BOND and another v. DUSTIN.
112 U.S. 604 (5 S.Ct. 296, 28 L.Ed. 835)
BOND and another v. DUSTIN.
Decided: December 22, 1884
A. Stirling, Jr., and Nicholas P. Bond, for plaintiffs in error.
H. S. Greene, for defendant in error.
This was a writ of error to reverse a judgment of the circuit court of the United States for the Southern district of Illinois, for the defendant in error, in an action of assumpsit brought by him against the plaintiffs in error, and tried by that court without a jury. The declaration contained two special counts on bills of exchange, the one for $2,500 and the other for $4,000, drawn upon the defendants by one Falconer, their agent, at their instance and for their benefit, and indorsed by the payees to the plaintiff; as well as common counts in the sum of $10,000 for money lent, money paid, money had and received, interest for the use of money due, and upon an account stated. The defendants pleaded non assumpsit, and denied the signatures of the instruments set forth in the first two counts. The record stated that the parties came by their attorneys, 'and the issue joined by consent is tried by the court, a jury being waived;' and that the court, having heard the evidence and arguments, 'finds the issue for the plaintiff, and assesses his damages at the sum of $7,173.42; whereupon the defendants enter their motion for a new trial and in arrest of judgment, which, being heard by the court, is overruled,' and judgment rendered for the plaintiff for that sum and costs.
The court allowed a bill of exceptions, which began with the recital, 'the above cause coming on for trial, by agreement of parties, by the court, without the intervention of a jury,' and which stated all the evidence introduced by either party; the objections taken by the defendants to the admission of some of the evidence introduced by the plaintiff; the finding and judgment of the court; a motion of the defendants for a new trial because the court heard incompetent testimony against the defendants' objection, and because the judgment was against the law and the evidence; the overruling of that motion; the subsequent making and overruling of a motion in arrest of judgment; and that the defendants excepted to the admission of the evidence objected to, and to the overruling of the two motions. The errors assigned and argued were to the admission of evidence at the trial; to the overruling of the motion in arrest of judgment; and to 'giving judgment against the plaintiff in error upon the contracts alleged and proved, because, upon the pleadings and evidence, it did not appear that the court had jurisdiction to hear and determine an action brought by the defendant in error on said contracts, or any of the same.'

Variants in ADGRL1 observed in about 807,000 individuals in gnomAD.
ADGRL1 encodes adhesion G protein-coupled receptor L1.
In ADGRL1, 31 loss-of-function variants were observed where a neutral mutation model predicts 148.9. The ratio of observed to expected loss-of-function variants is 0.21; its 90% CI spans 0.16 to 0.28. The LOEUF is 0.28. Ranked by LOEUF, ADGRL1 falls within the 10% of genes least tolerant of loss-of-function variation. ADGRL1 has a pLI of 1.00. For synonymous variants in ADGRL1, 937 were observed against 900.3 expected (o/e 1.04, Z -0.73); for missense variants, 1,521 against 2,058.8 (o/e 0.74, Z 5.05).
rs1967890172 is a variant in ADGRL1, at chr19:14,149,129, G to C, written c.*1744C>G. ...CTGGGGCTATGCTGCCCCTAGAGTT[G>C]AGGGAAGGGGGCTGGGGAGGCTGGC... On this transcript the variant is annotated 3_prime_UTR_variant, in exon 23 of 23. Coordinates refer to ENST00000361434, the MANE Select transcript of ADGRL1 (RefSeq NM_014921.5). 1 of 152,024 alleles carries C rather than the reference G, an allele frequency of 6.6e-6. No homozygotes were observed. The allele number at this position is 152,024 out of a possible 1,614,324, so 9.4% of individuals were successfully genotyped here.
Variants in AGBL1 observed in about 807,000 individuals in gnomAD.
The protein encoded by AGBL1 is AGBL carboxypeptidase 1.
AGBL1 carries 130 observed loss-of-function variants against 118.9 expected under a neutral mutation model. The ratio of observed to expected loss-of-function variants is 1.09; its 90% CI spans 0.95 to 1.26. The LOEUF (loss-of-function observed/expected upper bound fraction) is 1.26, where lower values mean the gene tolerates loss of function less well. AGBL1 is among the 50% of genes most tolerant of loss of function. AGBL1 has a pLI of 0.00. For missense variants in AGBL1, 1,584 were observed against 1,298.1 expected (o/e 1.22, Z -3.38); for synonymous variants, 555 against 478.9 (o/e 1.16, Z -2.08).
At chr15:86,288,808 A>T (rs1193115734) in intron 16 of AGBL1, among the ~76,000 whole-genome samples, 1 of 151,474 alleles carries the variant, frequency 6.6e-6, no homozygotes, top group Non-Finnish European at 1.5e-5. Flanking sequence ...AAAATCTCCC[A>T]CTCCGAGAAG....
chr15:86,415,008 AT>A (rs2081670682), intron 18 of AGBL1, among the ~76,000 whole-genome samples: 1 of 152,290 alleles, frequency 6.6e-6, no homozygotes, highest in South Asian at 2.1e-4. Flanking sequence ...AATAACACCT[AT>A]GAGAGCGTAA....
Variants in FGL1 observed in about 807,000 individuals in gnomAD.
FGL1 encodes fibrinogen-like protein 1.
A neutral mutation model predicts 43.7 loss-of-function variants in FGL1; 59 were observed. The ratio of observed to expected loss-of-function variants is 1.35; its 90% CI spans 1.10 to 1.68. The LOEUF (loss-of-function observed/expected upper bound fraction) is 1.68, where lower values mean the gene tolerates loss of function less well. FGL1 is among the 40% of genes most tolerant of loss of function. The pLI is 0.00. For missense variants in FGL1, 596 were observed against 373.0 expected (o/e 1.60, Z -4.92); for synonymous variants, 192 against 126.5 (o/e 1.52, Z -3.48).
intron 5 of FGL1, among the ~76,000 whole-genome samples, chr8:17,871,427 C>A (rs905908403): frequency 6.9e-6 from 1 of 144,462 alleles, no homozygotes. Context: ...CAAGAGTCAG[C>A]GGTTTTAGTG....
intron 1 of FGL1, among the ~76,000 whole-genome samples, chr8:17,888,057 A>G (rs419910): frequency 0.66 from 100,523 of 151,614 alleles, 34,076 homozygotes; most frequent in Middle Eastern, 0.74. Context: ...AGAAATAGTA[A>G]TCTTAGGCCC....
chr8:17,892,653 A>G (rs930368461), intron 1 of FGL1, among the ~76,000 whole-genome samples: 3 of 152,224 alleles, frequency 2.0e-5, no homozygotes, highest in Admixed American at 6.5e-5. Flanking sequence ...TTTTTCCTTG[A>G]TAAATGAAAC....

The first question to be determined is how far this court upon this record has authority to consider the alleged errors. By the act of March 3, 1865, c. 86, § 4, re-enacted in the Revised Statutes, it is provided that issues of fact in civil cases may be tried and determined by the circuit court without the intervention of a jury, whenever the parties, or their attorneys of record, file a stipulation in writing with the clerk of the court waiving a jury; that the finding of the court upon the facts shall have the same effect as the verdict of a jury; and that its rulings in the progress of the trial, when excepted to at the time, and presented by bill of exceptions, may be reviewed by this court upon error or appeal. 13 St. 501; Rev. St. §§ 649, 700.